Oh, tears are welling up as I read this at work. Missing those that have gone before us is so very hard at times. I lost my 12 year old sister when I was 14. My heart still hurts and I miss her dearly, nearly 19 years later. You and your family are in my prayers. Your mama was a special lady. :)

  28. praying for you . . .and crying as I read your post!!

  29. Lynn Marie says:

    Awwww…..we are all greiving with you! What do people do in times like these when they don’t have church family and the comfort of the savior?!!! Praying for you and your family.

  30. Beverly says:

    I just lost my mom on May 31st, and I feel your pain and am so sorry for your loss. There is nothing like a mother—I’m trying to find my way through the same maze of-sorrow, missing my encouraging, smiling, strong Christian mom. Even though she had dementia also, she gave everyone she met a sweet sweet smile. I bet your mom was the same way.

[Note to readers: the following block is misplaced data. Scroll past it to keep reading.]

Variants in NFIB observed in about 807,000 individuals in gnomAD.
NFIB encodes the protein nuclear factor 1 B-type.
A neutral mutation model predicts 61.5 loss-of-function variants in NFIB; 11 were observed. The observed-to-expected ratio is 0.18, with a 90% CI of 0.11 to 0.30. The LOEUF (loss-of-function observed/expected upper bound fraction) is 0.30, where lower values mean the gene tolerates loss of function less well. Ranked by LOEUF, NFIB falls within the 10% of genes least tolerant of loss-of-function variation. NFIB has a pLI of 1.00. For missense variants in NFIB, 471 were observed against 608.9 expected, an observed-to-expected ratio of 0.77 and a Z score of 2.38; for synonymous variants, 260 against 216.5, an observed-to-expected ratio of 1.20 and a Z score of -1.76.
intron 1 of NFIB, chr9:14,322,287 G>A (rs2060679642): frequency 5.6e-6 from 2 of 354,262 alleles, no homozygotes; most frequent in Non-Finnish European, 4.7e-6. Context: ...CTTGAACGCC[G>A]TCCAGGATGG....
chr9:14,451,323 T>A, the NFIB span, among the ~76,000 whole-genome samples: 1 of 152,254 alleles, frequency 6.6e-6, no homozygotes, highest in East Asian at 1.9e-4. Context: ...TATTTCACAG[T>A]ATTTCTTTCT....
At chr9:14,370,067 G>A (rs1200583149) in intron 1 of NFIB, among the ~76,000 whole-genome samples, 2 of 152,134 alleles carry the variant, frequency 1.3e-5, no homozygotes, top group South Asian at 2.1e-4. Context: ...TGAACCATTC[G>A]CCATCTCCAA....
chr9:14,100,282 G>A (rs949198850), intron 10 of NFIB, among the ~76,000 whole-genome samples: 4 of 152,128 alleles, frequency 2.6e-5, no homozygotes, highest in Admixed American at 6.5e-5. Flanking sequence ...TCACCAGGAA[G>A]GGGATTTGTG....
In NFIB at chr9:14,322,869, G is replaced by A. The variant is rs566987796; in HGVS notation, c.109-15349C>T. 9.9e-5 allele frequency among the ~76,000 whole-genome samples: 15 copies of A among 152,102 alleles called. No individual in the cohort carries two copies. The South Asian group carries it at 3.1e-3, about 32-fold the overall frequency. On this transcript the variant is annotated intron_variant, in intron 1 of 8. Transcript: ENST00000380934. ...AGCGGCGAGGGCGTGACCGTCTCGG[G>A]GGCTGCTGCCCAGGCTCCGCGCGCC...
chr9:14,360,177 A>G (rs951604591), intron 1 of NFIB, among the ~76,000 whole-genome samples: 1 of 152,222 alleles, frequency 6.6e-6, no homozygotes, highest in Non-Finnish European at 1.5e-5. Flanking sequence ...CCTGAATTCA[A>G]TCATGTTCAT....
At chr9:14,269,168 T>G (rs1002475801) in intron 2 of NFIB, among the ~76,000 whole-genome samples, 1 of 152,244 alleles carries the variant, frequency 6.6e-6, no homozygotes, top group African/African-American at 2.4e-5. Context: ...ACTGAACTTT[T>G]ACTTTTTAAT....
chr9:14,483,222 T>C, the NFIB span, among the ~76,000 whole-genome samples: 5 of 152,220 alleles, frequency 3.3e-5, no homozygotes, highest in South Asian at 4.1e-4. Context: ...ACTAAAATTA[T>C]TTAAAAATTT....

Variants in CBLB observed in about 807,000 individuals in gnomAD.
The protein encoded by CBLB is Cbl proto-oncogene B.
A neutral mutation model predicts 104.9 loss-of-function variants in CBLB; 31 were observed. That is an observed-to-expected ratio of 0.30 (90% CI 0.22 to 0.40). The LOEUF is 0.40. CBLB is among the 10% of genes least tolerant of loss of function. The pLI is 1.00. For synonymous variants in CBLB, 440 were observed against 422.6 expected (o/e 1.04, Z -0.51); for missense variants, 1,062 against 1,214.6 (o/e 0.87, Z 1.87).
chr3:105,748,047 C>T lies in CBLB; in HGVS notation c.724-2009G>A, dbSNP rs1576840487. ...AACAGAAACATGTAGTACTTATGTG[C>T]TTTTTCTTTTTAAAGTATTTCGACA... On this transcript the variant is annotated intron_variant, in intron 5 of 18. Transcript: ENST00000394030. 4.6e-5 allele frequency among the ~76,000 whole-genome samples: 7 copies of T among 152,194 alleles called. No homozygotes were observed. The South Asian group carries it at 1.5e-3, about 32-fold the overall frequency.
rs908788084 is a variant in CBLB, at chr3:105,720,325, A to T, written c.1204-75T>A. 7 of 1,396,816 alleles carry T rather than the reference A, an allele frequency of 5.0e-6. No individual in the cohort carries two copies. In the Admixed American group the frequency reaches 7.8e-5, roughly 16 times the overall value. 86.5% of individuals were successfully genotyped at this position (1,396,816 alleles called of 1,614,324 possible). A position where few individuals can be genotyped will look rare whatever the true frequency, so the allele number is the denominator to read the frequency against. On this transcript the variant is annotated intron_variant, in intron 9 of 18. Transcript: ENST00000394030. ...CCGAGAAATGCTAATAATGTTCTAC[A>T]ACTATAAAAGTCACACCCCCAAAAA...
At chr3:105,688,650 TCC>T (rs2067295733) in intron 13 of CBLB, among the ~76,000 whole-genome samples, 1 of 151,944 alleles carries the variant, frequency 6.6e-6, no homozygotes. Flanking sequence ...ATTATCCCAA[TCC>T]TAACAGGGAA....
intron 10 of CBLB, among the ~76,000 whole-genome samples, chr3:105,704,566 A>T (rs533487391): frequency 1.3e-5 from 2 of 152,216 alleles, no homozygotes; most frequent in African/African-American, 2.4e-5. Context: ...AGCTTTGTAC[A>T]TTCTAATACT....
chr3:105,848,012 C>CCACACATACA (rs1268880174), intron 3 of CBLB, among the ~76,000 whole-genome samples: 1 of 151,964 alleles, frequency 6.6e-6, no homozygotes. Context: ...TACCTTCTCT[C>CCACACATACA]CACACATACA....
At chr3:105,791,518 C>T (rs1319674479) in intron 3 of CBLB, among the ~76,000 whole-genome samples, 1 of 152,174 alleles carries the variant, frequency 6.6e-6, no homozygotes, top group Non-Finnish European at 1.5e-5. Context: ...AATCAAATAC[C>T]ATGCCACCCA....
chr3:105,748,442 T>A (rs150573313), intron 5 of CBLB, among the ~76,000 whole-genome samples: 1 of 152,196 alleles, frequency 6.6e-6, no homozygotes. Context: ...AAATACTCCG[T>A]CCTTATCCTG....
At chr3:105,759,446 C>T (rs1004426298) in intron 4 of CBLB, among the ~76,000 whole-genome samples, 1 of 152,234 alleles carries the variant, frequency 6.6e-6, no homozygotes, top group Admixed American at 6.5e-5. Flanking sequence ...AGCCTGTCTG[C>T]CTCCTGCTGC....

31. Yolanda McLean says:

    No words, none.

  32. Teresa says:

    Sweet Sophie! My heart goes out to you and your family. My daddy passed away on Christmas Eve 2014 and I totally get what you say about grief. 18 months later I can still have that “moment” where I’m right back where I started from. Hold tight to your family friends and faith and know that a lady in Texas is lifting you in prayer. xoxo

  33. So very touching. And now I’m crying. At work. Yay.

    I keep voicemails from both my parents. Have for years – so much in fact that my voicemail is currently 98% full just with old messages from them. I just can’t delete them. I know one day, I’ll want to hear my dad say, “Hey, Doll” one more time.

    Our prayers continue for y’all!

  34. Oh sweet Sophie. This made me tear up so much. I already knew what was going on thanks to social media but you just get to say so much more on the blog.Absolutely beautiful.